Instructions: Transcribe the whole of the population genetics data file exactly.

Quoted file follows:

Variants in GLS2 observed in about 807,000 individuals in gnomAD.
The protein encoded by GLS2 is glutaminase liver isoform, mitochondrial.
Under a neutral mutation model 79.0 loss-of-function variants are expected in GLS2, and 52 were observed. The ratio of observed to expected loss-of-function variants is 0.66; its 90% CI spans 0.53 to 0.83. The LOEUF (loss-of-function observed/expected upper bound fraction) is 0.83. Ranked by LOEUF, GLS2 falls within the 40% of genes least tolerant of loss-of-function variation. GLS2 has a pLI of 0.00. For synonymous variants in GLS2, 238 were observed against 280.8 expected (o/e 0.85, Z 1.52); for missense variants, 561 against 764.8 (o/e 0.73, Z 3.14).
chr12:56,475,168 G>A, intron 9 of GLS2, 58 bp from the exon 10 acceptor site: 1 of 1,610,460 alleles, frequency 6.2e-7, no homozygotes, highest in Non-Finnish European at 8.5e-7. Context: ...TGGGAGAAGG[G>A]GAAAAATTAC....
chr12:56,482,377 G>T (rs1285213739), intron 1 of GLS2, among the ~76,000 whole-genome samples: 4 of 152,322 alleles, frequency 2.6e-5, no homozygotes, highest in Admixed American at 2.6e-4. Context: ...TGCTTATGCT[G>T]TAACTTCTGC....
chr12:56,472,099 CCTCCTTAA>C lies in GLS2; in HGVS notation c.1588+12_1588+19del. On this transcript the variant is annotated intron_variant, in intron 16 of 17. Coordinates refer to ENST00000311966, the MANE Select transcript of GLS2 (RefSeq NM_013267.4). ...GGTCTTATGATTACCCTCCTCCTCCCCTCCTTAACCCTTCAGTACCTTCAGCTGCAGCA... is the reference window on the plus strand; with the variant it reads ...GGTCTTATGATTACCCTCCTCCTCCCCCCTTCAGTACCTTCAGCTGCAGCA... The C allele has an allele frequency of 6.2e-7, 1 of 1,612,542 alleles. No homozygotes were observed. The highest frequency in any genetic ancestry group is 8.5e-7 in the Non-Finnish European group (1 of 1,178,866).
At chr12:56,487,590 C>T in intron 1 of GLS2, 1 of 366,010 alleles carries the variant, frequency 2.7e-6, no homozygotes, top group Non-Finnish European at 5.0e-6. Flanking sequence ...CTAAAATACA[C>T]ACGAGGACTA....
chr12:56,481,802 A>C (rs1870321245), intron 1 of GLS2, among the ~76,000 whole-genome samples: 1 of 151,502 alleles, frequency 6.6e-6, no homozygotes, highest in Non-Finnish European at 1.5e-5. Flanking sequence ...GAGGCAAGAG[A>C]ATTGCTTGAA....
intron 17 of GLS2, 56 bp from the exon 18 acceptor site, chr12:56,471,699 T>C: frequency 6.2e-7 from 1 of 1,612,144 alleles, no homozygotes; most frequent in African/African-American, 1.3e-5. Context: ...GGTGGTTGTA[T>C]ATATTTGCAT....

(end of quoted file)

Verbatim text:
Variants in GLS2 observed in about 807,000 individuals in gnomAD.
The protein encoded by GLS2 is glutaminase liver isoform, mitochondrial.
Under a neutral mutation model 79.0 loss-of-function variants are expected in GLS2, and 52 were observed. The ratio of observed to expected loss-of-function variants is 0.66; its 90% CI spans 0.53 to 0.83. The LOEUF (loss-of-function observed/expected upper bound fraction) is 0.83. Ranked by LOEUF, GLS2 falls within the 40% of genes least tolerant of loss-of-function variation. GLS2 has a pLI of 0.00. For synonymous variants in GLS2, 238 were observed against 280.8 expected (o/e 0.85, Z 1.52); for missense variants, 561 against 764.8 (o/e 0.73, Z 3.14).
chr12:56,475,168 G>A, intron 9 of GLS2, 58 bp from the exon 10 acceptor site: 1 of 1,610,460 alleles, frequency 6.2e-7, no homozygotes, highest in Non-Finnish European at 8.5e-7. Context: ...TGGGAGAAGG[G>A]GAAAAATTAC....
chr12:56,482,377 G>T (rs1285213739), intron 1 of GLS2, among the ~76,000 whole-genome samples: 4 of 152,322 alleles, frequency 2.6e-5, no homozygotes, highest in Admixed American at 2.6e-4. Context: ...TGCTTATGCT[G>T]TAACTTCTGC....
chr12:56,472,099 CCTCCTTAA>C lies in GLS2; in HGVS notation c.1588+12_1588+19del. On this transcript the variant is annotated intron_variant, in intron 16 of 17. Coordinates refer to ENST00000311966, the MANE Select transcript of GLS2 (RefSeq NM_013267.4). ...GGTCTTATGATTACCCTCCTCCTCCCCTCCTTAACCCTTCAGTACCTTCAGCTGCAGCA... is the reference window on the plus strand; with the variant it reads ...GGTCTTATGATTACCCTCCTCCTCCCCCCTTCAGTACCTTCAGCTGCAGCA... The C allele has an allele frequency of 6.2e-7, 1 of 1,612,542 alleles. No homozygotes were observed. The highest frequency in any genetic ancestry group is 8.5e-7 in the Non-Finnish European group (1 of 1,178,866).
At chr12:56,487,590 C>T in intron 1 of GLS2, 1 of 366,010 alleles carries the variant, frequency 2.7e-6, no homozygotes, top group Non-Finnish European at 5.0e-6. Flanking sequence ...CTAAAATACA[C>T]ACGAGGACTA....
chr12:56,481,802 A>C (rs1870321245), intron 1 of GLS2, among the ~76,000 whole-genome samples: 1 of 151,502 alleles, frequency 6.6e-6, no homozygotes, highest in Non-Finnish European at 1.5e-5. Flanking sequence ...GAGGCAAGAG[A>C]ATTGCTTGAA....
intron 17 of GLS2, 56 bp from the exon 18 acceptor site, chr12:56,471,699 T>C: frequency 6.2e-7 from 1 of 1,612,144 alleles, no homozygotes; most frequent in African/African-American, 1.3e-5. Context: ...GGTGGTTGTA[T>C]ATATTTGCAT....